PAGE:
Saturday, February 28, 2015

When Students Become Co-Workers

I've already written a bit about our recent day long project with a fantastic group of 6th graders and their teachers. A lot of great things happened that day- one of the most thought provoking was a shift in the "work" relationship between myself and some of our high school students.

We always have students that are willing to volunteer, whether its a giving a visitor a tour through our school, lots and lots of jobs related to putting on NovaNow, and our rock project was no different.

The 6th graders we hosted were pre-divided into teams, and each team received a high school team leader from us. The teams were tasked with learning about a specific type of rock unique to Michigan and creating a commercial convincing the public that their rock and specific location were worthy of visitation.

In our initial debriefing with our high school team leaders (many of them my own students, others will be next year) and in various check ins throughout the day I found myself saying things like "Remember, you guys are facilitators" and "Support your team. Ask good questions. Help them go deeper" and "Alright, let's do this."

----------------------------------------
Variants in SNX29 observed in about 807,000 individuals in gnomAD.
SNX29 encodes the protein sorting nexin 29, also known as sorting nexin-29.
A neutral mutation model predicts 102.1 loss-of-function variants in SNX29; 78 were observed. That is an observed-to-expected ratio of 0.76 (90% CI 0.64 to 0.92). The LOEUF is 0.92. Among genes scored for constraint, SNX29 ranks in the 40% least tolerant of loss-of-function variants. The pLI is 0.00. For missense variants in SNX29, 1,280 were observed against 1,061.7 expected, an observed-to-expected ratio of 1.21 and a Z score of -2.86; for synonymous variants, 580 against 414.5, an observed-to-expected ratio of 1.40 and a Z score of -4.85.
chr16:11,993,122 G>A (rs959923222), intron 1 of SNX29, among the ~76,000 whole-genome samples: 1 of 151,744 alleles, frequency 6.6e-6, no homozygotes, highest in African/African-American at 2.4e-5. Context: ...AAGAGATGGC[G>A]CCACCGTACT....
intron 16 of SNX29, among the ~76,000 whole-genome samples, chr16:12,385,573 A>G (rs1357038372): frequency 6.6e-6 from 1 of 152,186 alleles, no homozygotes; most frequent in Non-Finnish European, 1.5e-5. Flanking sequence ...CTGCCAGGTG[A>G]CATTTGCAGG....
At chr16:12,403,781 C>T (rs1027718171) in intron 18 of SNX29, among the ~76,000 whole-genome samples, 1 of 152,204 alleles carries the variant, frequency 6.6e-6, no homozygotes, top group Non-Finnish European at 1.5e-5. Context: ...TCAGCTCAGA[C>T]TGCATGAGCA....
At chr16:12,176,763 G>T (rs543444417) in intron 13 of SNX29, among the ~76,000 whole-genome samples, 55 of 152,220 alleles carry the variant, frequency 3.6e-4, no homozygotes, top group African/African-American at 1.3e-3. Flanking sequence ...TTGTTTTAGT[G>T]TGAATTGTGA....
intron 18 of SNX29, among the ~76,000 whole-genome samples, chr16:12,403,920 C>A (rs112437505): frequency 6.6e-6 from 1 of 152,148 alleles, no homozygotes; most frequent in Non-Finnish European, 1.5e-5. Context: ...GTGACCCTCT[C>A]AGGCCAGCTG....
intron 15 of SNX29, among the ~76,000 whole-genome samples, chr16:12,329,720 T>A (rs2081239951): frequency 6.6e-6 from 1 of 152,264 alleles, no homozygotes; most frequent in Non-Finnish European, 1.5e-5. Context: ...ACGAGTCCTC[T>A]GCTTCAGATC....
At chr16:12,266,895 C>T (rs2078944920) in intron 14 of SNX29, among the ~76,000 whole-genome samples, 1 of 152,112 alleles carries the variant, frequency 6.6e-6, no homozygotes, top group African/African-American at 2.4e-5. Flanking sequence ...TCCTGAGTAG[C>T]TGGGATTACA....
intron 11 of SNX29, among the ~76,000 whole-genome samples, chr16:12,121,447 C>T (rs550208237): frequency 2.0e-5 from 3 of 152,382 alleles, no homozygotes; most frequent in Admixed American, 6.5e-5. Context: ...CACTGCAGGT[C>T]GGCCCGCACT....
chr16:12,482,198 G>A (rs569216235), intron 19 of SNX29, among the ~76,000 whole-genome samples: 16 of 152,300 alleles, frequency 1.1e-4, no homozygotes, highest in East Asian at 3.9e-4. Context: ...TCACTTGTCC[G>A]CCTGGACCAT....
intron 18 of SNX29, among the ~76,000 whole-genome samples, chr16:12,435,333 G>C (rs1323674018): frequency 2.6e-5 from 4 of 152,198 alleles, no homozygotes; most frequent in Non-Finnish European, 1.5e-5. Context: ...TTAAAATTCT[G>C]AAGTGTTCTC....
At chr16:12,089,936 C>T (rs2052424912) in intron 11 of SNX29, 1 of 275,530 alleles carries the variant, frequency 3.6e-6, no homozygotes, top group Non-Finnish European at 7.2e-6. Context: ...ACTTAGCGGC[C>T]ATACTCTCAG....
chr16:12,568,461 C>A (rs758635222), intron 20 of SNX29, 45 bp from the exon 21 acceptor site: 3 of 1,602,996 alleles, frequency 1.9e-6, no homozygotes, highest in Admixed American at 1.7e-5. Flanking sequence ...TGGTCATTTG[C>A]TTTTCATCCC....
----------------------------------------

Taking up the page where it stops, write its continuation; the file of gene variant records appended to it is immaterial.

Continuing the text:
Early in the morning I had a somewhat frantic conversation with Zach. "Uh... are these little kids going to be able to get on the Wifi with their Chrome books? Is the public network up right now? Yeah... could you make sure that happens? We kind of need it." He promptly went through the proper channels (he's in the IT program and knows these people), and just as promptly contrived a don't-ask-any-questions-about-this work around in case Plan A took to long (funny story with that...).

To Emmy I said something like "Hey, that group is on the struggle bus. Can you figure out what their deal is and get them back on track? Let me know if you need help." I had no lingering concerns.

To Makenzie, "Oh good, you have your camera." She didn't need much more instruction than that.

Our high school students were an integral part of pulling of this day. A vital part. My fellow science teachers and I worked with them on this project. We functioned together as team mates. That's pretty special. I want to do more of it.

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